Sunday, May 29, 2016

Teenaged Wild Mice

Arrow Dynamics produced four Wild Mice ride systems, two opened in 1999 and are still operational after 17 years. A fourth has been running at Great America, just a few miles from Arrow's Mountain View site, since 2001.

Arrow's wild mouse coasters have a large flat section of upper track consisting of sharp turns with high lateral forces and lower sections of track with a few drops and/or bunny hops.

Myrtle Beach Mouse (Closed 2006)

Their first wild mouse coaster opened at Myrtle Beach Pavilion in South Carolina in 1998. Arrow built three more wild mouse coasters over the next three years before their final bankruptcy, and the remaining assets were bought by S&S.

Michigan Mouse

The second opened at Michigan’s Adventure in Muskegon. Built at a cost of $2 million, it is 1,268 ft long, 68 ft high with a run time of one minute and 30 seconds.

Main Controls for Valleyfair's Mouse

The third mouse is at Valleyfair in Shakopee, Minnesota -  It's 1,257 feet long, has a top speed of 30 mph, also lasts 1:30 and carries 1,000 riders per hour in 8 cars with four riders per car.

Great American Mouse

The fourth is Psycho Mouse at California's Great America, has been running for 15 years and is also 1257 feet long. 

Arrow's Wild Mice were supposed to offer a lower cost alternative, primarily for smaller amusement parks, to Arrow's larger and custom coasters. The Arrow Wild Mice were so sturdily built that industry insiders said if you were ever caught in an earthquake, you'd want to be on one.

Friday, May 27, 2016

Danny the Dragon's Legacy

Danny the Dragon at Storytown
Danny the Dragon may not be Arrow's most famous ride system but he may be the best loved. Created for Freedomland, Danny was probably the first amusement park use of guide-by-wire technology, which has since become commonplace in factory automation, but when C. L. Paulus et al filed the patent (2,339,291) in April of  1940. It stated the purpose and subject of the invention as

...a method and apparatus for controlling the movement of mobile bodies and more particularly to an electrically operated signal and automatic steering mechanism for mobile bodies... according to a prearranged course.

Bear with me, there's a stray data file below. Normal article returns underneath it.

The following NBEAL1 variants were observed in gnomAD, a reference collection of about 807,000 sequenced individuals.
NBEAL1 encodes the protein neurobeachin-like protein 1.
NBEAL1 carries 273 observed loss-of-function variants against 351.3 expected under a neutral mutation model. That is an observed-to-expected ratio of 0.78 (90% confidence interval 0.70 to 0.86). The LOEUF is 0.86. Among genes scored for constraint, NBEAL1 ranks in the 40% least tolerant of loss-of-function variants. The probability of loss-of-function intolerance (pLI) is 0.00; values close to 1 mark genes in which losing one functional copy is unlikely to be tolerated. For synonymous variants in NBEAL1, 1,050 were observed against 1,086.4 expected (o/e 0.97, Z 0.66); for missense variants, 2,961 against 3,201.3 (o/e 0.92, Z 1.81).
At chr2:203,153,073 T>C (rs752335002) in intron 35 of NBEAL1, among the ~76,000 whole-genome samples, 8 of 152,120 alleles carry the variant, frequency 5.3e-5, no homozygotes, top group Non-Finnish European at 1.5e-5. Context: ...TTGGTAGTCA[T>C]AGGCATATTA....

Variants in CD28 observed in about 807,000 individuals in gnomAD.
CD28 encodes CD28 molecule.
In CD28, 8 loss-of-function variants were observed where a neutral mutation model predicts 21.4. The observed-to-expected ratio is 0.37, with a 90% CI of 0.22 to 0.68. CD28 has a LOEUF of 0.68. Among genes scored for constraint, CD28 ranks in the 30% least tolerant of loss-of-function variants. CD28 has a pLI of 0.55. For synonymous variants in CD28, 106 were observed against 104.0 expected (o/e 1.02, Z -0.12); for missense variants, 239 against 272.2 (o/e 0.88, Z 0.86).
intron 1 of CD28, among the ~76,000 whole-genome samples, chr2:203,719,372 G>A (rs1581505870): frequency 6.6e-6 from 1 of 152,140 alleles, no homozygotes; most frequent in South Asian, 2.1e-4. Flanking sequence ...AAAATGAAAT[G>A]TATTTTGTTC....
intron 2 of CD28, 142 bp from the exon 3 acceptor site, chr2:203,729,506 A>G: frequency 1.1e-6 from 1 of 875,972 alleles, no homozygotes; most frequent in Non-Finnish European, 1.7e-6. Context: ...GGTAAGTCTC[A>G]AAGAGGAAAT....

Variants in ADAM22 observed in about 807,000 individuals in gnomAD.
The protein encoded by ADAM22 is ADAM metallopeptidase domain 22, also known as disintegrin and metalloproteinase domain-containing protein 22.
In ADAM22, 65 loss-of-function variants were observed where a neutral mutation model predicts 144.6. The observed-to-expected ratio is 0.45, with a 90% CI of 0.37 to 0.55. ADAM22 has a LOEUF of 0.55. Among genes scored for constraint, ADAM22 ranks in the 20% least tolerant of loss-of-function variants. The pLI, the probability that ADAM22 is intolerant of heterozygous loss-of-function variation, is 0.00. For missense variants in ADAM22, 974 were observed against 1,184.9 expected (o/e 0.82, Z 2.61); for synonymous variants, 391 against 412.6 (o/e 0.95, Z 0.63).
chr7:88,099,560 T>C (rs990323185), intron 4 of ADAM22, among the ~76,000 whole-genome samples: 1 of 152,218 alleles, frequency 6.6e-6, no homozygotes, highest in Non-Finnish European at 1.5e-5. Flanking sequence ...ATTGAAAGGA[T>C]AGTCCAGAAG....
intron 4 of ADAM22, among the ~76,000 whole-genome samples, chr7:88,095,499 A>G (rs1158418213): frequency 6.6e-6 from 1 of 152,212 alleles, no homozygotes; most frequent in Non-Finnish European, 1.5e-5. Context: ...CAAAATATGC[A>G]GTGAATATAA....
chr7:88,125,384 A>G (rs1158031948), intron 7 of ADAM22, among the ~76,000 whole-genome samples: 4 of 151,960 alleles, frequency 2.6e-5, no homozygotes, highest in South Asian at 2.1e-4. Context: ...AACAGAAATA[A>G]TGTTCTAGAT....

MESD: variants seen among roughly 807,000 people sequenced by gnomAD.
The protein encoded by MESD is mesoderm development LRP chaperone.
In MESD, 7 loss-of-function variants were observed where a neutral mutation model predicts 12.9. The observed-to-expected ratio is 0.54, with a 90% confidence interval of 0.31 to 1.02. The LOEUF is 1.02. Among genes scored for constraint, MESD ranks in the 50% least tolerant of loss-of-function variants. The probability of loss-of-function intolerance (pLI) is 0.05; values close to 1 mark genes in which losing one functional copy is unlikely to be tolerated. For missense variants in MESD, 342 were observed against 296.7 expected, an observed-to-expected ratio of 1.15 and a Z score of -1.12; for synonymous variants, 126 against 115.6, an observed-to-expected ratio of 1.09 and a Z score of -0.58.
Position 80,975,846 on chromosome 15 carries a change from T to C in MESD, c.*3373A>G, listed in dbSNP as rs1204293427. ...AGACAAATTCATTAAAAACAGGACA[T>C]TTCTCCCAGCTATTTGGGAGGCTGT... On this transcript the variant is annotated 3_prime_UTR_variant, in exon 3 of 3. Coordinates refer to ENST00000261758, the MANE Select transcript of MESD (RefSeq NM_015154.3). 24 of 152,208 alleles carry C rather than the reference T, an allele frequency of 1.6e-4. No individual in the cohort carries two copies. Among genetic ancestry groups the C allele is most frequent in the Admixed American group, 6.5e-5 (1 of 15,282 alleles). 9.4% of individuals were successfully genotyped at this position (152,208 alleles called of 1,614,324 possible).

The illustrations reveal a system with two magnetic coil pickups and a cable carrying a varying electrical current.

In Paulus' implementation the electrical and mechanical functions are coordinated to allow one or more vehicles to traverse one or more paths automatically without human intervention. Danny did this by following the pulsating electromagnetic field emitted by the buried wire.

There were at least two Danny the Dragon rides. One opened in June 1960 at Freedomland.  He was bought by Great Escape in Lake George, when Freedomland closed. At the end of 1996, Danny was taken out of service and parked in the maintenance area. San Jose's Happy Hollow Danny opened in March of 1961.

Happy Hollow Danny
Freedomland/Storytown/Great Escape Danny

In May of 2010, as part a $72 million park transformation, Happy Hollow Danny went really green - swapping his gasoline engine for an electric motor and a new guidance system.

The concept of following an electromagnetic trail has been used in many other environments and is still being updated. For example, in April of 1997 Kawasaki Heavy Industries announced a heavy-duty automated guided vehicle (AGV) system capable of transporting 25 ton coils of sheet metal. It used autonomous navigation on a logically-defined route map and a grid calibration system based on the detection of transponders (RFID tags) rather than wire guided system. Other systems follow a string of pearls magnet path or navigate in a two dimensional magnet grid.

Closer to our hearts and era is the new Luigi's Rollickin' Roadsters attraction in Cars Land at Disney's California Adventure;

On an interesting side note, Christopher Merrit reports on Facebook that Both Bob Gurr and Marc Davis were working on a version of this in late '72 - early '73. Apparently the artwork for Marc's version was very similar to Danny the Dragon and appears to have been trackless. The Bob Gurr version was on a sort of monorail beam.

With Rio Grande Industries having purchased Arrow in May of 1971, and Danny never having been a high production volume system, there may not have been a lot of motivation to pursue AGV technology further until The Great Movie Ride, which opened in 1989.

Disneyworld's Great Movie Ride

BTW - although not related to Arrow directly, the Hollywood Tower of Terror also has a guide by wire AGV element which is discussed in a clip from Modern Marvels;

Wednesday, May 4, 2016

Arrow Rides at Santa Cruz Beach Boardwalk

For those who may have missed it, ACE, the American Coaster Enthusiasts, has recently released a near feature length documentary on the history of Arrow Development, which features some interviews with several ex-Arrow employees. Some of the material didn't make the final cut, including a segment on Arrow rides at the Santa Cruz Beach Boardwalk. Here is a link to that:

I was already familiar with the auto ride and Mine Train, but somehow I'd missed the kiddie boats.

The full  hour and eleven minute Legacy of Arrow Development video is here:

My credit appears at 1:08, as D. Wm. Francis - Historical Reference and Writing Assistance, so, I guess that qualifies as my 15 seconds of fame. ;-)

Over a year of effort and a lot of travel went into this. Many of the still images are from my collection.